Prevention of heterotopic bone formation with early post operative irradiation in high risk patients undergoing total HIP arthroplasty: Comparison of 10.00 Gy VS 20.00 Gy schedules

Paul Anthony, Henry Keys, C. McCollister Evarts, Philip Rubin, Carol Lush

Research output: Contribution to journalArticlepeer-review

Abstract

Prior studies have demonstrated the effectiveness of postoperative radiation therapy (RT) to the hip area following total hip replacement (THR) surgery in preventing the development of heterotopic bone formation in patients considered to be at high risk for development of this complication. Previously, patients received 20.00 Gy in 10 fractions (fx) over 2 weeks, beginning as soon postop as medically feasible (usually post-op day 2). In an effort to reduce hospital stay and risk of secondary malignancy, a prospective treatment program was initiated April 1982 using a reduced dose of 10.00 Gy in 5 fx over 5-7 days. As of February 1984, 46 consecutive hips determined to be at high risk were treated with this reduced dose. Prior studies have demonstrated that heterotopic bone is always radiographically evident by 8 weeks. Of the 46 hips, 41 had been evaluated with the minimum required 8 week follow-up X ray. Twenty-five of these hips, 61 %, had a mean long term follow-up of 12 months. Our historical control group, consisting of 54 consecutive high risk post-THR's, was shown to have a 68.5% incidence of heterotopic bone. The 20.00 Gy group, when RT was started by post-op day 5, demonstrated a 3.2% incidence, compared to 4.9% in the 10.00 Gy group. Complication rates were also comparable in the two RT groups, 19.4% and 7.3% respectively, 10.00 Gy is apparently as effective as 20.00 Gy in preventing heterotopic bone formation in high risk post-THR patients.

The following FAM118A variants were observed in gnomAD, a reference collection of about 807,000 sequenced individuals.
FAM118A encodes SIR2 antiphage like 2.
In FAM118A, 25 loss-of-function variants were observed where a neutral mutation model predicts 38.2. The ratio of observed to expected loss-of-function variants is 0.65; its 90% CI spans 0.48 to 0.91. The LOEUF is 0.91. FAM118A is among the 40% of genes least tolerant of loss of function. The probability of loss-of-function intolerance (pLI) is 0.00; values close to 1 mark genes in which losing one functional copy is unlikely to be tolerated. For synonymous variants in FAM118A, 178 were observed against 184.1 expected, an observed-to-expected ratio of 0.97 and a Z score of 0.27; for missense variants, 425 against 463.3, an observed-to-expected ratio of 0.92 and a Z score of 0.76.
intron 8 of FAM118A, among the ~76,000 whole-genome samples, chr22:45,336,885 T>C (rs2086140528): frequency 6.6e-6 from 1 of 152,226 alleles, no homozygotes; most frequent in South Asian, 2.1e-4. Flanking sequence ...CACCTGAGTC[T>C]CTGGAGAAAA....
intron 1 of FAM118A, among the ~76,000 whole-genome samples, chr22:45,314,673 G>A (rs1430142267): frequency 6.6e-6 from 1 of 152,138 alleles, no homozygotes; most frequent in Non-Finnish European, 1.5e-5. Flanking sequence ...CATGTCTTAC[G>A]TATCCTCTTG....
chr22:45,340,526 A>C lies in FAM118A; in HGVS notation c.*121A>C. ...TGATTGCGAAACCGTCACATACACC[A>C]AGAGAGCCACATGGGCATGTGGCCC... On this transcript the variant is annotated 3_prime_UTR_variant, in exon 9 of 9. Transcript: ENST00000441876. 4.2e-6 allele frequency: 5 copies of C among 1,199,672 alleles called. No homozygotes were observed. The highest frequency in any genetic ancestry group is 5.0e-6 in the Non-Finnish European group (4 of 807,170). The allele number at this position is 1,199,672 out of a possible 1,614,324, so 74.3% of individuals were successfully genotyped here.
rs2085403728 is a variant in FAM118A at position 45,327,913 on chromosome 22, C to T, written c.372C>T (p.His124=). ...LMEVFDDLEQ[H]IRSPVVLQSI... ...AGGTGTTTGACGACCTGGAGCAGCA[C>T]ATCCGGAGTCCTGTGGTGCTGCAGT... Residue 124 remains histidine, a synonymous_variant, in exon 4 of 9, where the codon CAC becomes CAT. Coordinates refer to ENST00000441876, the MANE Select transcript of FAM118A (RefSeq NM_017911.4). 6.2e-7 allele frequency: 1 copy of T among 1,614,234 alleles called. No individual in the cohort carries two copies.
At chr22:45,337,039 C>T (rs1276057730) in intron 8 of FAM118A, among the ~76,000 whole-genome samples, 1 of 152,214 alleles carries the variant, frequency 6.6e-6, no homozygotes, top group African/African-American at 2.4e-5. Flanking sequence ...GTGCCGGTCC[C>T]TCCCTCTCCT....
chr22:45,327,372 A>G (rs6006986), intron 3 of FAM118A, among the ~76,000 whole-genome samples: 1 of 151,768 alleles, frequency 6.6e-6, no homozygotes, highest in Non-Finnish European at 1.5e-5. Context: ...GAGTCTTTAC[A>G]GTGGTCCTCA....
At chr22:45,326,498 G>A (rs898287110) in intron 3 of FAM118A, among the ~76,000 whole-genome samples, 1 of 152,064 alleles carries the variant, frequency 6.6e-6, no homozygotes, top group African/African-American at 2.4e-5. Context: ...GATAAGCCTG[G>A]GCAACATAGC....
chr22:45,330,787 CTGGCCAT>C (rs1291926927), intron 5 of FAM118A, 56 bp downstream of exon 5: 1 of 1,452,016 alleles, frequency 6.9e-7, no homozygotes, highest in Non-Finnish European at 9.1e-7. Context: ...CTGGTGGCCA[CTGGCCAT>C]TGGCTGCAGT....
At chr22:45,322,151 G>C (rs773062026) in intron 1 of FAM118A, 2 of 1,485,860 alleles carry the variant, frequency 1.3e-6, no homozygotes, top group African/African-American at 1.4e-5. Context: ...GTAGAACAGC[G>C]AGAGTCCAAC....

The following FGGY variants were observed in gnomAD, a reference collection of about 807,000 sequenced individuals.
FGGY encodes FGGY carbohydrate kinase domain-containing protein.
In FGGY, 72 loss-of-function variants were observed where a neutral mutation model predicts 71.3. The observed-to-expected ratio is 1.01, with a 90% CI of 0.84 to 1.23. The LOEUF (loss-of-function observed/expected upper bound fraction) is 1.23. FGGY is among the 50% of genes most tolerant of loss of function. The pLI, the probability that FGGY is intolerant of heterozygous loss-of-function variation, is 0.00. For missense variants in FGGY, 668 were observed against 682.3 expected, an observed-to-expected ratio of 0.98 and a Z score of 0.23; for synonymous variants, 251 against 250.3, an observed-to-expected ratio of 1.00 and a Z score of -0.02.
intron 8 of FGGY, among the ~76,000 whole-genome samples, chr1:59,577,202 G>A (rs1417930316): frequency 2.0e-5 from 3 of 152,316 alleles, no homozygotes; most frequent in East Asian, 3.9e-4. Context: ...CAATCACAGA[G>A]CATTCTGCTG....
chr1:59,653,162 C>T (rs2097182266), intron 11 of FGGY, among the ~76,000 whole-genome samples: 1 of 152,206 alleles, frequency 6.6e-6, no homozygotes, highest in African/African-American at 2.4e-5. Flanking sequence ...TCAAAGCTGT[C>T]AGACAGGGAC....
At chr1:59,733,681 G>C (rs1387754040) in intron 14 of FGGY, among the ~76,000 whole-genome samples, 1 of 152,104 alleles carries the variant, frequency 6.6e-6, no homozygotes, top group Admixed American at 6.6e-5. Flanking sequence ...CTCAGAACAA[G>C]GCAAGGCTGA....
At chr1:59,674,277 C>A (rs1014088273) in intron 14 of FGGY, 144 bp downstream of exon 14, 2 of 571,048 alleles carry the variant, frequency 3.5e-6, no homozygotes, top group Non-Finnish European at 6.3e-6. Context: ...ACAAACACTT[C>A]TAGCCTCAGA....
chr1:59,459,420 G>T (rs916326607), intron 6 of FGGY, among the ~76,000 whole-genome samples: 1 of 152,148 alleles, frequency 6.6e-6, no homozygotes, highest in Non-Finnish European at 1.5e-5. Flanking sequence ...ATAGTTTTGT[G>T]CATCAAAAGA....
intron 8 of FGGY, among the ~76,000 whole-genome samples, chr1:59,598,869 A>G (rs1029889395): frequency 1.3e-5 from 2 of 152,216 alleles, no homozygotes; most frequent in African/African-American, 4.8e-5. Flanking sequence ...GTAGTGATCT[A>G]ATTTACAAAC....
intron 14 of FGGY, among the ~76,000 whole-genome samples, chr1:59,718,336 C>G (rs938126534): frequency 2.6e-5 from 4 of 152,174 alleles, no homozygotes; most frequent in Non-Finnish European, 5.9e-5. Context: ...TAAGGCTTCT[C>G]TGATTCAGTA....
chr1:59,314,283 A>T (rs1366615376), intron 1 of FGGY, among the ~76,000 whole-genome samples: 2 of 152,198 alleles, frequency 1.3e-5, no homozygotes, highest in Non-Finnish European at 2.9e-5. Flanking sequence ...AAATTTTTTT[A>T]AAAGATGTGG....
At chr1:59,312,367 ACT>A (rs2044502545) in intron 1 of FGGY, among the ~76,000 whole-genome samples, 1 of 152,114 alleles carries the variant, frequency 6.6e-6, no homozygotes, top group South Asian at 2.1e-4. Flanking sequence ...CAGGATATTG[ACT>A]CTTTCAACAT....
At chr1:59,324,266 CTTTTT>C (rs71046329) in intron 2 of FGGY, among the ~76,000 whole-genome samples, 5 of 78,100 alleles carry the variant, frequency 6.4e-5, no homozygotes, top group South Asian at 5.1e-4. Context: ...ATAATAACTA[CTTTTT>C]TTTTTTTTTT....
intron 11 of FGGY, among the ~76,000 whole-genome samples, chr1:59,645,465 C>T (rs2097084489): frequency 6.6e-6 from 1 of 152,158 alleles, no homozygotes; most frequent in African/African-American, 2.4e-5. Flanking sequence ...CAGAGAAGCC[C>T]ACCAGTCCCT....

Original languageEnglish (US)
Pages (from-to)365-369
Number of pages5
JournalInternational Journal of Radiation Oncology, Biology, Physics
Volume13
Issue number3
DOIs
StatePublished - Mar 1987

All Science Journal Classification (ASJC) codes

  • Radiation
  • Oncology
  • Radiology Nuclear Medicine and imaging
  • Cancer Research

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